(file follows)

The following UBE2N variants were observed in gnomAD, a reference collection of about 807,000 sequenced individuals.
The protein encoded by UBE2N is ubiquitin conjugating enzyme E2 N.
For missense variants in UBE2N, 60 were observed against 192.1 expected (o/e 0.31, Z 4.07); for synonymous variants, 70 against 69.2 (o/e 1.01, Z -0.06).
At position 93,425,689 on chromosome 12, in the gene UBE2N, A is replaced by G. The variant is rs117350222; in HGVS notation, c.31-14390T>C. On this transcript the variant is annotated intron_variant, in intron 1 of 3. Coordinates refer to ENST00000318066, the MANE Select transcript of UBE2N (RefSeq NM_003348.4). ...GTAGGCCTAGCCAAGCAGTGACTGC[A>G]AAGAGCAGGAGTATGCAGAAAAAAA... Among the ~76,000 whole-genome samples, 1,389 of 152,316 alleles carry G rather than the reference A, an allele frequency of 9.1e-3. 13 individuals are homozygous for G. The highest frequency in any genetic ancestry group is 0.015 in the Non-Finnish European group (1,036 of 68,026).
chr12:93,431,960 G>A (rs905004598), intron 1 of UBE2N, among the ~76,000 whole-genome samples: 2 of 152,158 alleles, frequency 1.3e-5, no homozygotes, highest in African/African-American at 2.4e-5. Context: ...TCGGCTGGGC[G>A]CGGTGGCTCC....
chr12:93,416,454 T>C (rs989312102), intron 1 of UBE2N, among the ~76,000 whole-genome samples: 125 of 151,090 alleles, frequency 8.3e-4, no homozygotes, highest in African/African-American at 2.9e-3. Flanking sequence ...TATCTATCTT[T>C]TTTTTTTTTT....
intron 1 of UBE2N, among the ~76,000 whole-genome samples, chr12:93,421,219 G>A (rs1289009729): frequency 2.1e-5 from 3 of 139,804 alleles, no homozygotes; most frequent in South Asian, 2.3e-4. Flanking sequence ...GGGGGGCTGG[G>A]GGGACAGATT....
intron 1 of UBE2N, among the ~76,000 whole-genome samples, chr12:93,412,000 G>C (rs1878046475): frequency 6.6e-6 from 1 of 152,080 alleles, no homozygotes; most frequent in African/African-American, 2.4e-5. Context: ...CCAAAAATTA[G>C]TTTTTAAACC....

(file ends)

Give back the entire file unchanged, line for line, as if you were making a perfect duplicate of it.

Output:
The following UBE2N variants were observed in gnomAD, a reference collection of about 807,000 sequenced individuals.
The protein encoded by UBE2N is ubiquitin conjugating enzyme E2 N.
For missense variants in UBE2N, 60 were observed against 192.1 expected (o/e 0.31, Z 4.07); for synonymous variants, 70 against 69.2 (o/e 1.01, Z -0.06).
At position 93,425,689 on chromosome 12, in the gene UBE2N, A is replaced by G. The variant is rs117350222; in HGVS notation, c.31-14390T>C. On this transcript the variant is annotated intron_variant, in intron 1 of 3. Coordinates refer to ENST00000318066, the MANE Select transcript of UBE2N (RefSeq NM_003348.4). ...GTAGGCCTAGCCAAGCAGTGACTGC[A>G]AAGAGCAGGAGTATGCAGAAAAAAA... Among the ~76,000 whole-genome samples, 1,389 of 152,316 alleles carry G rather than the reference A, an allele frequency of 9.1e-3. 13 individuals are homozygous for G. The highest frequency in any genetic ancestry group is 0.015 in the Non-Finnish European group (1,036 of 68,026).
chr12:93,431,960 G>A (rs905004598), intron 1 of UBE2N, among the ~76,000 whole-genome samples: 2 of 152,158 alleles, frequency 1.3e-5, no homozygotes, highest in African/African-American at 2.4e-5. Context: ...TCGGCTGGGC[G>A]CGGTGGCTCC....
chr12:93,416,454 T>C (rs989312102), intron 1 of UBE2N, among the ~76,000 whole-genome samples: 125 of 151,090 alleles, frequency 8.3e-4, no homozygotes, highest in African/African-American at 2.9e-3. Flanking sequence ...TATCTATCTT[T>C]TTTTTTTTTT....
intron 1 of UBE2N, among the ~76,000 whole-genome samples, chr12:93,421,219 G>A (rs1289009729): frequency 2.1e-5 from 3 of 139,804 alleles, no homozygotes; most frequent in South Asian, 2.3e-4. Flanking sequence ...GGGGGGCTGG[G>A]GGGACAGATT....
intron 1 of UBE2N, among the ~76,000 whole-genome samples, chr12:93,412,000 G>C (rs1878046475): frequency 6.6e-6 from 1 of 152,080 alleles, no homozygotes; most frequent in African/African-American, 2.4e-5. Context: ...CCAAAAATTA[G>C]TTTTTAAACC....